Clearly, some of what is asked for is needed. Virtually everyone accepts that our roads, bridges, and airports need significant upgrading and repair. At the same time, an economy expected to grow at least 6-7% in real terms this year hardly needs more rounds of stimulus checks. Clearly, there are parts of the economy that aren’t keeping pace. Record stock prices happen while food pantries run out of supplies. But the problem isn’t lack of money, it’s how it is spread around. That sounds like it calls for a Robin Hood solution. Take from the rich and give it to the poor. But history shows that governments are inefficient when it comes to reallocating capital. Indeed, what works best in a capitalist society is the creation of economic incentives that shift the flow of capital. Take the idea of a carbon tax. Those who create greenhouse gases (e.g., fuel inefficient cars or coal-powered generation facilities) pay a tax while those products that are environmentally friendly (solar panels) receive offsetting credits. The notion of a carbon tax is not to raise money for the government, it’s to incentivize all of us to be more environmentally conscious. So why isn’t that on the table? Because a carbon tax is a tax. Those who would have to pay object. Raising gasoline taxes to pay for better roads is criticized for similar reasons.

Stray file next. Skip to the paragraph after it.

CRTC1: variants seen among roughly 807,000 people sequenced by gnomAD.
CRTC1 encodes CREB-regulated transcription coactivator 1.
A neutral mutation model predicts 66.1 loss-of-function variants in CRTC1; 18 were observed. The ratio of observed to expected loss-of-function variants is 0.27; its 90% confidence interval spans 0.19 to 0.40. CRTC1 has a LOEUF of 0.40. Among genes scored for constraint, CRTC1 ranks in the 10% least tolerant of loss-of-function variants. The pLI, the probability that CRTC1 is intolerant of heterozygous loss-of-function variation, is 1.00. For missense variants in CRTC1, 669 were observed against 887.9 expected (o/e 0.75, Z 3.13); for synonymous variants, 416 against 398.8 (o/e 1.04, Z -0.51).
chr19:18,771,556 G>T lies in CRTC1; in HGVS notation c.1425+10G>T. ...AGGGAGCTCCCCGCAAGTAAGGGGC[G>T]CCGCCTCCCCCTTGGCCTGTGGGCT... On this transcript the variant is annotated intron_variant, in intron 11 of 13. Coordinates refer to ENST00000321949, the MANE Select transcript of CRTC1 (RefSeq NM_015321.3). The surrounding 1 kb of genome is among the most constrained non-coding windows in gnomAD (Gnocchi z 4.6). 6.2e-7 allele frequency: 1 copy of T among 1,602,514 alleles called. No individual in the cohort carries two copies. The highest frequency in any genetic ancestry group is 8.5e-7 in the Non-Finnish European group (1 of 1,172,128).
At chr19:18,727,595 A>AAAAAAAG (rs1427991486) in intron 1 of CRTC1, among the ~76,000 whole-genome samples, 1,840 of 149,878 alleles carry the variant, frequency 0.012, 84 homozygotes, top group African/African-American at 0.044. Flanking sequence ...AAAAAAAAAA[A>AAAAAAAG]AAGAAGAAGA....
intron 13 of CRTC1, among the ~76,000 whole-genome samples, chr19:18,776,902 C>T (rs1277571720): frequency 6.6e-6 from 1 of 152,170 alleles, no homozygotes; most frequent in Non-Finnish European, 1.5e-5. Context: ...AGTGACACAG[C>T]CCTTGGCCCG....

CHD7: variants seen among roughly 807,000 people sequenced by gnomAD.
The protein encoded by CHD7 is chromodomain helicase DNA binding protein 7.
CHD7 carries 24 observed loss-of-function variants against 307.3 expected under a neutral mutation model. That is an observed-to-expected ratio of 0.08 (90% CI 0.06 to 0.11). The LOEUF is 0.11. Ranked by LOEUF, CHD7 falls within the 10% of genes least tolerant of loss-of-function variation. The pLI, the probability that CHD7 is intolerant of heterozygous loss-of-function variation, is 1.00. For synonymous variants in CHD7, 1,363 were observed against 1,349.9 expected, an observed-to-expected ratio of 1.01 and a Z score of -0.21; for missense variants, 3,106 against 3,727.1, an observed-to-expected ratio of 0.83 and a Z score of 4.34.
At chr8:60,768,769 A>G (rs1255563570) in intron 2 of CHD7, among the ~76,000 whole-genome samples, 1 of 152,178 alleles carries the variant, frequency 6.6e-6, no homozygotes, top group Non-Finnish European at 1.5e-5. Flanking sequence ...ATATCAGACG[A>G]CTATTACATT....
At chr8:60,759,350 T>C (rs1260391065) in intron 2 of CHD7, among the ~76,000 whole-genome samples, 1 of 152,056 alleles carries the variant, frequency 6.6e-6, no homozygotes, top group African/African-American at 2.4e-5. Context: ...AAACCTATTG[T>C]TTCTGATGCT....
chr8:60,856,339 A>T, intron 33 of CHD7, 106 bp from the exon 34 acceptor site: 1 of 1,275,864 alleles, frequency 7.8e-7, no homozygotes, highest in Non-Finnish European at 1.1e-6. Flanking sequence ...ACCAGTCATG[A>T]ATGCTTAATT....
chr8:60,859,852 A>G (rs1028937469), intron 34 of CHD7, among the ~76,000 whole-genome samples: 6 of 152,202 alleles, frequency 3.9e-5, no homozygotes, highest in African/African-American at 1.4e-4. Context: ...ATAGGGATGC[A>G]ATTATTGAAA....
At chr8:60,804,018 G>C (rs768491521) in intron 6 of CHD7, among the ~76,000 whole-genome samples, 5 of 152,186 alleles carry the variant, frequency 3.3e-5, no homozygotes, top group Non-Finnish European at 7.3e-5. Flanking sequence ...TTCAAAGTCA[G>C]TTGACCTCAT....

With all this said, if any significant part of Biden’s spending request becomes law, there will be higher taxes. The most logical to pass include an increase in the corporate tax rate back to 25% (it could go as high as 28%, but not back to the pre-Trump 35%), moving the top bracket for those earning $400,000 to 39.6%, and eliminating the ability to step up the cost basis of inherited assets. Again, there will be a laundry list of other proposals, ranging from changes in capital gains tax accounting to lowering the estate exemptions. But these will have a harder time passing. Focusing on the rich makes some political sense, since most of the taxes raised will come from a tiny fraction of the electorate. But that tiny fraction also pays much of the costs for candidates running for elections. The conflict is obvious.